Majority of college staff want Ofsted inspections to be abolished – survey

The majority of college staff want Ofsted inspections to be abolished, a survey has suggested.

A poll of more than 1,000 University and College Union (UCU) members in the further education (FE) sector suggests nearly four in five (77%) believe the Ofsted term “inadequate” is unacceptable.

Ofsted inspections create a “major health and safety risk” for staff who experience significant levels of stress and anxiety as a result of the process, according to a report from the union.

The watchdog has come under greater scrutiny in the past year following the death of headteacher Ruth Perry.

Ms Perry took her own life after an Ofsted report downgraded her Caversham Primary School in Reading from its highest rating, “outstanding”, to its lowest rating, “inadequate”, over safeguarding concerns.

In December, a coroner concluded the Ofsted inspection on November 15 and 16 in 2022 “contributed” to Mrs Perry’s death.

The survey of UCU members in FE in England, carried out between July and September 2023, found 57% believe Ofsted inspections should be abolished.

More than four in five (83%) said Ofsted inspections cause them anxiety and only 20% said they believe the Ofsted inspection process raises standards.

In March, Sir Martyn Oliver, chief inspector of Ofsted, launched the watchdog’s Big Listen public consultation – which closes at the end of the month – to seek views about the inspectorate.

Last week, the Department for Education (DfE) said it had no plans to remove single-phrase Ofsted judgments despite calls for them to be scrapped.

In its response to an Education Select Committee inquiry on Ofsted, the DfE said its priority was to look for ways to improve the inspection system rather than “developing an alternative to it”.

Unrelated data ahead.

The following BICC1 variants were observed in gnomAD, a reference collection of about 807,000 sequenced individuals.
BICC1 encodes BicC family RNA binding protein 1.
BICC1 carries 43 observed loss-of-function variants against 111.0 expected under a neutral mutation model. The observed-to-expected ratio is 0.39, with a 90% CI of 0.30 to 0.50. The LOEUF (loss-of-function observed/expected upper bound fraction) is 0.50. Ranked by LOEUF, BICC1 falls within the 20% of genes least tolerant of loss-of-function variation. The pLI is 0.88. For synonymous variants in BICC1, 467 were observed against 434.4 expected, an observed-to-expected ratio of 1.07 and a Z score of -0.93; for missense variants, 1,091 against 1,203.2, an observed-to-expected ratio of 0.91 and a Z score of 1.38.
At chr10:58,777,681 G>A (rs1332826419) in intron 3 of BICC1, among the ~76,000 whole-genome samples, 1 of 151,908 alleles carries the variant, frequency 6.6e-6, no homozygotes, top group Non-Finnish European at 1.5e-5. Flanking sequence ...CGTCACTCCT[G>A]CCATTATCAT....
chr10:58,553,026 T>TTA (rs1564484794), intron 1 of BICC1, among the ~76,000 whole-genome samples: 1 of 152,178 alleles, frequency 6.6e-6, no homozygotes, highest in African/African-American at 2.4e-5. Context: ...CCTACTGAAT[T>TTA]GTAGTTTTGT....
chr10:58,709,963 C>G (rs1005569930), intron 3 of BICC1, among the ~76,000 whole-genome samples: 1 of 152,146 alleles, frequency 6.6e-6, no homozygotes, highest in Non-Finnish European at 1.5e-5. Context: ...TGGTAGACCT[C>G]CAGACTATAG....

The report from the UCU – on Ofsted inspection in the FE sector – recommends that Ofsted inspections should be replaced with a collaborative peer-to-peer model that is valued and trusted by staff, students and parents.

It said: “The findings of this research show that, overall, UCU members have grave concerns about the stress, anxiety and adverse impact on health and wellbeing they experience as a result of Ofsted inspections and preparation for an Ofsted inspection.

“Our findings show that Ofsted inspections create a major health and safety risk for staff who experience significant levels of stress and anxiety both during and in the lead-up to inspections.”

The report added: “There is a crisis of confidence in the Ofsted inspection process.”

UCU general secretary Jo Grady said: “College staff are clear that Ofsted inspections need to be abolished. Our members say inspections are traumatic, and especially after the tragic death of Ruth Perry, we need an end to the stress and anxiety they induce.

“This report also affirms that the case for scrapping the ‘inadequate’ ruling is incontrovertible. It is simply unacceptable for the Government to rule out replacing it before Ofsted’s consultation has even finished.

“We now need an end to the tyranny of Ofsted inspections and for the health and safety of staff to be properly incorporated into a new peer-to-peer led model that is valued by those who actually work in the sector.”

Sir Martyn will address hundreds of school leaders at the NAHT annual conference in Newport in Wales this weekend.

Delegates at the school leaders’ union conference are due to debate a series of motions on inspection and accountability on Saturday.

A DfE spokesperson said: “Ofsted’s independent inspections are vital to ensuring students are safe and receive the education they deserve.

“We remain committed to Ofsted conducting inspections as an effective way of holding up good standards in education, with 92% of colleges now judged to be good or outstanding.

“We are looking forward to the conclusion of the Big Listen which will help inform us of the steps needed to continue to raise standards for children and young people across the board.”